Drug-resistant infections are a 'global health emergency': WHO

While resistance to antibiotics is inevitable over time, it has been accelerated by the misuse of drugs, the WHO said. PHOTO: ST FILE

PARIS (AFP) - Resistance to antibiotic drugs is a "global health emergency" that threatens the progress made by modern medicine, the head of the UN's health agency warned as a new report was published on Wednesday (Sept 20).

The report by the World Health Organisation (WHO) found there is a lack of new treatments being developed to combat antibiotic-resistant infections, such as tuberculosis which kills around 250,000 people each year.

"There is an urgent need for more investment in research and development for antibiotic-resistant infections including tuberculosis (TB), otherwise we will be forced back to a time when people feared common infections and risked their lives from minor surgery," WHO director-general Tedros Adhanom Ghebreyesus said.

The report also identified 12 classes of deadly bacteria, such as those that cause pneumonia or urinary tract infections, which are increasingly resistant to existing antibiotics and urgently in need of new treatments.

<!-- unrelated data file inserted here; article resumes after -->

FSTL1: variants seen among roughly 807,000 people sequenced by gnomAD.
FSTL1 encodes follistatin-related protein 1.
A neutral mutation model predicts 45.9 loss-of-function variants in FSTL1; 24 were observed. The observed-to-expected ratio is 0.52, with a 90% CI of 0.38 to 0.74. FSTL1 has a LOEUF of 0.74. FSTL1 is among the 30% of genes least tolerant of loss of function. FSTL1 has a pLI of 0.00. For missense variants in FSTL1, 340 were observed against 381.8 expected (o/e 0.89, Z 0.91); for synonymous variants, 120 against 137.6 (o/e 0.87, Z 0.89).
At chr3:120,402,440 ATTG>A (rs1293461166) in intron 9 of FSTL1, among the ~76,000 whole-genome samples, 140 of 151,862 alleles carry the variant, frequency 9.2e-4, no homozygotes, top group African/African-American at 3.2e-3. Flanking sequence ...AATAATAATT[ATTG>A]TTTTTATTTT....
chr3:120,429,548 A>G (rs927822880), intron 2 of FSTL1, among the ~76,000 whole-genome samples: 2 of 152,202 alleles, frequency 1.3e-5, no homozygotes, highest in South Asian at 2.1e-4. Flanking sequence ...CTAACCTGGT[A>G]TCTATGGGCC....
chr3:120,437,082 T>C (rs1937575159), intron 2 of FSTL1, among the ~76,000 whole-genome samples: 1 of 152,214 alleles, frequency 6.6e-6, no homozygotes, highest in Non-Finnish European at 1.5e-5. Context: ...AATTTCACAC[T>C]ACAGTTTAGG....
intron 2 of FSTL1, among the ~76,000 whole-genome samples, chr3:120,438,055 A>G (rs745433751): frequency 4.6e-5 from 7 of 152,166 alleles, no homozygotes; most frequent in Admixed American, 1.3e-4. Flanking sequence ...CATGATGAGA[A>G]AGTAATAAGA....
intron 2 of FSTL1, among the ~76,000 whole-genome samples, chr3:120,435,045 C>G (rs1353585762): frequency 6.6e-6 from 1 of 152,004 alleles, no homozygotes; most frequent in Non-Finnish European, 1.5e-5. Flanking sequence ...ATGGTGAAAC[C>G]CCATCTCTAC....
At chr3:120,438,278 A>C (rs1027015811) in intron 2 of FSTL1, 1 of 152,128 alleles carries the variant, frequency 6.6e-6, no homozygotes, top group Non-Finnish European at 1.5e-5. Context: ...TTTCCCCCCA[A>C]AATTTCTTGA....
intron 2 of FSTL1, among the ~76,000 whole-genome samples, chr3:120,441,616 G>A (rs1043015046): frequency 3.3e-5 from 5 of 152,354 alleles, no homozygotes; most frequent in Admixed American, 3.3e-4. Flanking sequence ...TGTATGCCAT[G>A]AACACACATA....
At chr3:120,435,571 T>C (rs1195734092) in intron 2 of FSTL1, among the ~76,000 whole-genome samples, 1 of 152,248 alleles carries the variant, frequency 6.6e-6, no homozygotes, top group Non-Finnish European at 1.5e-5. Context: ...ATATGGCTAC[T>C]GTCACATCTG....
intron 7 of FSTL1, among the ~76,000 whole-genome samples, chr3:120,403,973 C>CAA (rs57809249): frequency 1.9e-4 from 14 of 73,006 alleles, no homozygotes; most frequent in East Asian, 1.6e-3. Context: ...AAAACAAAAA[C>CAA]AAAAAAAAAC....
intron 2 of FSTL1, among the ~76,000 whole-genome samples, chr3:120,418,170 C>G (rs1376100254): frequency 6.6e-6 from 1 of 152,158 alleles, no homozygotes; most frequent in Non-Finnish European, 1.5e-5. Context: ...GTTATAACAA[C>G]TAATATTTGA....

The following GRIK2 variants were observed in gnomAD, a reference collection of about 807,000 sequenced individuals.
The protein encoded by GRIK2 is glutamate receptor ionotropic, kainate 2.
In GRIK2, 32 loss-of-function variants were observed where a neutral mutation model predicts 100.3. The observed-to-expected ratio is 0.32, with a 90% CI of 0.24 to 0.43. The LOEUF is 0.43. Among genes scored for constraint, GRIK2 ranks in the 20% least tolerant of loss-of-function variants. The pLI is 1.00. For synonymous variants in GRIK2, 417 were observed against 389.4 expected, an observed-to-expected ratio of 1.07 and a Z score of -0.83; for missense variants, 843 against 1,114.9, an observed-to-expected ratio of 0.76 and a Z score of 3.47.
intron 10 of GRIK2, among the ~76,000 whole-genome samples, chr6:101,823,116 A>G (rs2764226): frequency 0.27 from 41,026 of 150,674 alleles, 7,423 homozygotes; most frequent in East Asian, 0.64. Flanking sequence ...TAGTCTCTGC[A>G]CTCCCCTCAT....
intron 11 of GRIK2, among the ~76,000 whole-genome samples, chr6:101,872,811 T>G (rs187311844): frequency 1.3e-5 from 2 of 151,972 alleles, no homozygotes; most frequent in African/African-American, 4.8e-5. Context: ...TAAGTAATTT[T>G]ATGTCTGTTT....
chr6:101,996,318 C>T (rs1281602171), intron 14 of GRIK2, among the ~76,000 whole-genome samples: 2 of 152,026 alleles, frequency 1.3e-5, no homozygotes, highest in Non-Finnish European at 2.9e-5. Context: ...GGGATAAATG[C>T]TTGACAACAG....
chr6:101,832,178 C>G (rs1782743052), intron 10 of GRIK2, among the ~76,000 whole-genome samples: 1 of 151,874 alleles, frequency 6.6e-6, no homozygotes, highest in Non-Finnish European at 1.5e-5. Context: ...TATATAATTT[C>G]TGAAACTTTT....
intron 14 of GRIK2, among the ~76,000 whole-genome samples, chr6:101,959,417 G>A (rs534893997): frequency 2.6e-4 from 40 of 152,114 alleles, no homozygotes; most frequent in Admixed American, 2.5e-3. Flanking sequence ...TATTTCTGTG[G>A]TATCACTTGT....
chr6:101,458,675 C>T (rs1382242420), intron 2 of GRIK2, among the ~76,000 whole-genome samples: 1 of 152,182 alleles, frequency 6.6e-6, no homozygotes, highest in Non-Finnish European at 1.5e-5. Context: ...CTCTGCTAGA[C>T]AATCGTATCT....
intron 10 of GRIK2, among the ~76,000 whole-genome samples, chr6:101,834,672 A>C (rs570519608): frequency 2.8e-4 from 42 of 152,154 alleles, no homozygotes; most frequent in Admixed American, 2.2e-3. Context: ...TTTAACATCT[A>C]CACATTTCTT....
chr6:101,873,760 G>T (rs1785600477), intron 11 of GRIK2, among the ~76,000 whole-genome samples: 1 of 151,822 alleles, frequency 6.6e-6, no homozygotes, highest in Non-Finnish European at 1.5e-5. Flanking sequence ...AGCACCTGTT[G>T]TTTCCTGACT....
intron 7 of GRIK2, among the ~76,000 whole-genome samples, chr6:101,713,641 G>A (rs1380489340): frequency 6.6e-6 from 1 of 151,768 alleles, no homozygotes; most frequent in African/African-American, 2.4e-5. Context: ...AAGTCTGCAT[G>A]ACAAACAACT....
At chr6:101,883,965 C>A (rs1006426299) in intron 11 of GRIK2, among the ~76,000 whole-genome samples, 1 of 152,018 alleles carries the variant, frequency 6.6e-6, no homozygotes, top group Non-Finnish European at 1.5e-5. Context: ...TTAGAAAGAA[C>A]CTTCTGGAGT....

While resistance to antibiotics is inevitable over time, it has been accelerated by the misuse of drugs, the WHO said.

When the most common antibiotics fail to work, more expensive types are prescribed, resulting in longer illness and treatment, often in hospital.

Cases are increasingly reported in which no existing drug works.

"Pharmaceutical companies and researchers must urgently focus on new antibiotics against certain types of extremely serious infections that can kill patients in a matter of days because we have no line of defence," said Dr Suzanne Hill, the director of the agency's department of essential medicines.

The WHO study found that new drugs in the clinical pipeline are modifications of existing medicines and are only short-term solutions.

Out of 51 new drugs under development, the agency classifies only eight as adding any value to current treatments.

There are also very few oral treatments in the works, which are essential for treating infections outside hospitals.

Germany, Luxembourg, the Netherlands, South Africa, Switzerland and the United Kingdom and the Wellcome Trust have pledged more than 56 million euros (S$90 million) to help counter antimicrobial resistance.

But Dr Mario Raviglione, the head of the WHO's global TB initiative, said more than $800 million each year is needed to fund research into drug-resistant TB alone.

The WHO warned however that new treatments alone would not be sufficient and stressed the importance of responsible use of antibiotics in people and animals.

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